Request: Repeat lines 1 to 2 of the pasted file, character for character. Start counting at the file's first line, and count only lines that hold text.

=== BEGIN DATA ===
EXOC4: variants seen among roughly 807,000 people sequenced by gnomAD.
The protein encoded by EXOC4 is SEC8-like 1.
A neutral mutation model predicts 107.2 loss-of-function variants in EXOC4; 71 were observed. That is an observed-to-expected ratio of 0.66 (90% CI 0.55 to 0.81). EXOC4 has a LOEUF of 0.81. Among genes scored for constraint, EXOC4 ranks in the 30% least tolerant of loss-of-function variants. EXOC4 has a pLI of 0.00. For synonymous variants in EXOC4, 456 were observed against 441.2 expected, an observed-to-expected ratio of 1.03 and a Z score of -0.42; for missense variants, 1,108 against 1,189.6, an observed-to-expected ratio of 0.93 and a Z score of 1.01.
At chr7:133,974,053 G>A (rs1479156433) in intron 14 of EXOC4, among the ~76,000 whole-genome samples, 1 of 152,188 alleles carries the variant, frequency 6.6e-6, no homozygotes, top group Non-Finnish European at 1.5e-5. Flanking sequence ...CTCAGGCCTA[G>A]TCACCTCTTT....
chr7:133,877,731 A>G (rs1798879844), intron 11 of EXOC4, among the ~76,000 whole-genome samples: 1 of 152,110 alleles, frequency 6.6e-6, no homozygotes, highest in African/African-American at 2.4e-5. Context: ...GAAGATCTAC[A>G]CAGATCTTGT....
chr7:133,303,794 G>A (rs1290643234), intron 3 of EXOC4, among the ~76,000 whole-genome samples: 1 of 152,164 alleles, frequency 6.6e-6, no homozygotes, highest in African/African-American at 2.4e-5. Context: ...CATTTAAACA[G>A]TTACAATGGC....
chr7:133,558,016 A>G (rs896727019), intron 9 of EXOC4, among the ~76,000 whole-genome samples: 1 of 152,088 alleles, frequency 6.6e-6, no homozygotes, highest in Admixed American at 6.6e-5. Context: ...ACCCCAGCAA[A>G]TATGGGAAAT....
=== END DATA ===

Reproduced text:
EXOC4: variants seen among roughly 807,000 people sequenced by gnomAD.
The protein encoded by EXOC4 is SEC8-like 1.